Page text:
Tuesday January 01, 2008 [03:00]
WE agree with President Levy Mwanawasa when he says that on the basis of the macro-economic statistics so far, some head start has been made towards economic development and poverty eradication. As the Chinese philosopher, Lao-tzu tells us, a journey of a thousand miles begins with a single step. We cannot deny that a few things here and there have been put in place by the government in a bid to fight poverty and in order to reduce the intolerable levels of inequality which exist in the country.
However, like many observers have repeatedly said, poverty is not about positive economic spreadsheets alone. It is about reality. Poverty is about hunger, shelter, sickness, unemployment and social services such as education. If many of our people still can not afford a decent meal, we would be mocking the hungry by telling the nation that the economy has improved by 6.2 per cent. And when the poor say they are not going to eat figures, that is exactly what they mean because they know the face of hunger as it is a phenomenon they meet squarely on a daily basis.
So, as we sit comfortably in our swing-chairs in our air-conditioned offices and descend into dogmatic mantras and theories about poverty and underdevelopment, we should be aware that there are a lot of Zambians who know poverty not by meaningless nomenclatures or some other vague language codes, but through their daily encounter with it. Those affected by poverty know it through hunger, lack of medicines in hospitals, through failure to send their children to school and through lack of jobs. And nobody - regardless of their scholarly refinement or ideological positioning - can better define poverty to the poor than they can themselves.
And when people say the poor are angry about their state of affairs, one may wonder and pose the question: "Angry at who?" Well, it is a difficult question, especially in a world where we have 'positive' or motivational speakers who tell us that being poor is a choice because we all have an opportunity to do something about our situation and that as long as we do A,B,C and D, then we can see ourselves at the top of the social ladder.
Second, it is assumed that in many democratic societies like ours, every citizen has a role to play in terms of the destiny of their society and they can, for instance, choose or recall leaders as and when they deem it fit. And that every citizen should have a say in whatever happens in their society, be it in the economic, political, social or cultural spheres.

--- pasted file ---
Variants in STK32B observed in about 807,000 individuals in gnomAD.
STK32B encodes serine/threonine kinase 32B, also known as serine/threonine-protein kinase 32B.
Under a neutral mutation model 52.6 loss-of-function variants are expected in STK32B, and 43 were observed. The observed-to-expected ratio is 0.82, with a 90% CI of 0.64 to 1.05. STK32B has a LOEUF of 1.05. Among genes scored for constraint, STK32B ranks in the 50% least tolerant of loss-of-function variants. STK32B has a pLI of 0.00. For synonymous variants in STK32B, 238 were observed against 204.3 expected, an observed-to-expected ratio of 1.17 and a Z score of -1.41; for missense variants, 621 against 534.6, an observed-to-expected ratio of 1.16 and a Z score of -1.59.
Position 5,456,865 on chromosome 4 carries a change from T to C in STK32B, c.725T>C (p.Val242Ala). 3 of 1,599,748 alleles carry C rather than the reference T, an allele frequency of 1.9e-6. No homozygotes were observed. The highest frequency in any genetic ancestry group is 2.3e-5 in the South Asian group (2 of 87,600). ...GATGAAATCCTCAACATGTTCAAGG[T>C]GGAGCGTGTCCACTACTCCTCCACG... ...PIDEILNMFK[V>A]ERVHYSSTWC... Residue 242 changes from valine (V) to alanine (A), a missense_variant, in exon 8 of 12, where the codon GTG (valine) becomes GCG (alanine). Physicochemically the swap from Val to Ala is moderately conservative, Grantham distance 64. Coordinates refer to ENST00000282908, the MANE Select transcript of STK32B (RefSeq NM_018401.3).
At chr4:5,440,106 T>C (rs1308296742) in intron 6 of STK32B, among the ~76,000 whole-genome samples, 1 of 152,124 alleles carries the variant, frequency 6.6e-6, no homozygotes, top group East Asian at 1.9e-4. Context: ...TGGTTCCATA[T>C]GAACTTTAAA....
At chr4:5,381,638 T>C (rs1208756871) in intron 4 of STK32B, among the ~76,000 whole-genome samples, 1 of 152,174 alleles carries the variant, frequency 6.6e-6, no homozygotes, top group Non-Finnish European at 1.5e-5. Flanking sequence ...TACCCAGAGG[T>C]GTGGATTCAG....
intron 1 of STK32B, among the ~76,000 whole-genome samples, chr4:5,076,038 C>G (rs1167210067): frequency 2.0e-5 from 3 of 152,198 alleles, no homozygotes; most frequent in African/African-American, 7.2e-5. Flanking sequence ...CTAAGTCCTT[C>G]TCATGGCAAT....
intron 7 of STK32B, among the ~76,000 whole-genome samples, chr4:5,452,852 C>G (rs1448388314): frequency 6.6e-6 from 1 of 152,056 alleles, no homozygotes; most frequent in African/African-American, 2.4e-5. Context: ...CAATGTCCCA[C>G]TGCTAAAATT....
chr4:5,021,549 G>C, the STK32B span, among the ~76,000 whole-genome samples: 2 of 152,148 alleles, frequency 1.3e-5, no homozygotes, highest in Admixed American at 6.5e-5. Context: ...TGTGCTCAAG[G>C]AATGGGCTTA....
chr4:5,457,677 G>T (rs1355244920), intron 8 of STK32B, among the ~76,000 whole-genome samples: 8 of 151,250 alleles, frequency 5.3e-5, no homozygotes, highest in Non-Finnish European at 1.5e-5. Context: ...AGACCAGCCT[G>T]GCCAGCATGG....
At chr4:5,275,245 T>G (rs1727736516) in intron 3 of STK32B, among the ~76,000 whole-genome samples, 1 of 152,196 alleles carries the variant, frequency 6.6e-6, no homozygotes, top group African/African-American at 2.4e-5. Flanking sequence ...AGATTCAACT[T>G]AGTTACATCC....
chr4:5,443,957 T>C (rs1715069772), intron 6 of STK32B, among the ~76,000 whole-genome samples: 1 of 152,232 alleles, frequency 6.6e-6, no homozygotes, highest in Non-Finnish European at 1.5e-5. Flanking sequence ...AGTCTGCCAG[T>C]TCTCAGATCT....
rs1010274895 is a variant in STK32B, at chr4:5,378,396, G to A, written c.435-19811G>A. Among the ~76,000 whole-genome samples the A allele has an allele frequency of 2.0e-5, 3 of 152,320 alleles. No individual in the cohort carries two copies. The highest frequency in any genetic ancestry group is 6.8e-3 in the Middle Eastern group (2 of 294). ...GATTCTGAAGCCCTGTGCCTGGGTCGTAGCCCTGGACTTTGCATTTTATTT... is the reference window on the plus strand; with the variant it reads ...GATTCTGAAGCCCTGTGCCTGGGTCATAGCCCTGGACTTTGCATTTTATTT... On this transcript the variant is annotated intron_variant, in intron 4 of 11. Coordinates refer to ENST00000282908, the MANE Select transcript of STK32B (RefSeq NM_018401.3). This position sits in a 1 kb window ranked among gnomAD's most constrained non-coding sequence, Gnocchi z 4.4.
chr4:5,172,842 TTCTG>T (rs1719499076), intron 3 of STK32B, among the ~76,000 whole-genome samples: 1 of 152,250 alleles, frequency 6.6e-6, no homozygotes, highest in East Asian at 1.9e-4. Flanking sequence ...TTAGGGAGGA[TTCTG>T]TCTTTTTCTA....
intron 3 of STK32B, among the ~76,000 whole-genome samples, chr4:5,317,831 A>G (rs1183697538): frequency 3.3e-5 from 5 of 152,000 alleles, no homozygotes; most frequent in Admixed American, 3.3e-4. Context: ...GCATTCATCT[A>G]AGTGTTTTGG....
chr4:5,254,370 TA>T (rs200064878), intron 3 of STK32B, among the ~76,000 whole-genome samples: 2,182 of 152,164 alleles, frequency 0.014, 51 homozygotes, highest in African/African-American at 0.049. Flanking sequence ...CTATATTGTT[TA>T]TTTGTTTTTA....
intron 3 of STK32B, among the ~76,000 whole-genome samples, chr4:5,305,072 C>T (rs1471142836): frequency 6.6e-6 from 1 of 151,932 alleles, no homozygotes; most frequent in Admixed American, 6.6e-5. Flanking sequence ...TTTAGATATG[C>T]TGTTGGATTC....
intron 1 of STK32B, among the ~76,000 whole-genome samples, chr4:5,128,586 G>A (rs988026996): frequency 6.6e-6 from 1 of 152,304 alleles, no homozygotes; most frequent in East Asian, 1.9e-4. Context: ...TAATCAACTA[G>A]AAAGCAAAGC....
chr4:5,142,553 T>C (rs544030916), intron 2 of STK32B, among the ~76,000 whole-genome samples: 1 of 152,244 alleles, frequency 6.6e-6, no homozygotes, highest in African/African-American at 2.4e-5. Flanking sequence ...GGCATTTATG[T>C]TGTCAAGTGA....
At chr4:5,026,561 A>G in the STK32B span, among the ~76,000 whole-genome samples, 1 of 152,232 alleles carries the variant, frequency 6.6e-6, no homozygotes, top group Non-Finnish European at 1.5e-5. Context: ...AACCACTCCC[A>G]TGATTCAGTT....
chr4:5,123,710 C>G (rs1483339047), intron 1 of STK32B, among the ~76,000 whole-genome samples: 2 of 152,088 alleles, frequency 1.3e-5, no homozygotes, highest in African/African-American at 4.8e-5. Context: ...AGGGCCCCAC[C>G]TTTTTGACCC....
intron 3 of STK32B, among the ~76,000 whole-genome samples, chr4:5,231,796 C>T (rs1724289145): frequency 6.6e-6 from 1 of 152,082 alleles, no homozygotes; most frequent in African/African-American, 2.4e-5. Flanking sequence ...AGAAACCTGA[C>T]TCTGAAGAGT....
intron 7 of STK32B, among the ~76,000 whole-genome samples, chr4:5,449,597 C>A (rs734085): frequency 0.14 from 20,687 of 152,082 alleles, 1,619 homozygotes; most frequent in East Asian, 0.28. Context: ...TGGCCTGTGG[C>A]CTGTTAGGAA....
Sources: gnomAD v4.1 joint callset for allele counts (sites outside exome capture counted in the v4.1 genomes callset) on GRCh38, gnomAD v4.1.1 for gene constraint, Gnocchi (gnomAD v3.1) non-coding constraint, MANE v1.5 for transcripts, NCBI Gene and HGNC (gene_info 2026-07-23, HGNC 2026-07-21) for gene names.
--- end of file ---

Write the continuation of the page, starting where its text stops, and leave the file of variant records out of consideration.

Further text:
However, things do not usually work out as they sound idealistically. In addressing poverty, there are many factors and variables we need to consider. In addressing poverty, we also have to look at the material conditions that exist.
For instance, if the material conditions are historically designed in order to perpetuate inequality between one set of people and another, no amount of motivational speeches will alter the balance in favour of the poor or the historically disadvantaged. For example, if there is abhorrent inefficiency, chronic corruption, severe nepotism and all other superlative-laced isms in our government system, there is very little to be expected by the disadvantaged or poor from such a system insofar as their economic emancipation is concerned because such a system only works to self-replicate or to self-reproduce so that the status quo is maintained.
In short, what we are saying is that much as we do not expect the poor to sit idly and hope for manna to fall from heaven, those in leadership of the country should create conditions necessary for the ability of people to progress upwards in many ways of their lives. Yes, we are alive to the fact that nobody holds the monopoly of wisdom in terms of finding answers to the historical question of poverty and underdevelopment.
However, what we are saying is that the government should also be seen as trying to remove the contradictions that exist everywhere so that its conduct does not provide an opportunity for one set of people to perpetually stand in an advantageous position while the rest of the majority of the people are deeply steeped in the painful jaws of poverty.
Let those who are charged with the responsibility of governing not deliberately create conditions that make poverty an endemic phenomenon and make it look like it is an insurmountable challenge. As Charles Darwin says, if the misery of the poor be caused not by the laws of nature, but by our institutions, great is our sin! So that is the message to those in the government. Great is your sin if poverty will be caused by the conditions you create for the people.
It is unacceptable that while the majority of the poor and hungry Zambians lie frozen to death, a small section of wealthy Zambians should have food rotting behind their gates, especially when it is possible for the government to create conditions for equal, fair and just distribution of our resources.
We therefore urge the government to consider poverty the number one enemy of the people of this country and demonstrate through pragmatism that it is capable of eradicating poverty, especially by starting to eliminate the long list of man-made contradictions and vices - such as corruption, inefficiency, nepotism - that work to perpetuate the misery of the majority of the Zambian people. This is urgent because we are all agreed that poverty is the wildest enemy which we need to combat ourselves against.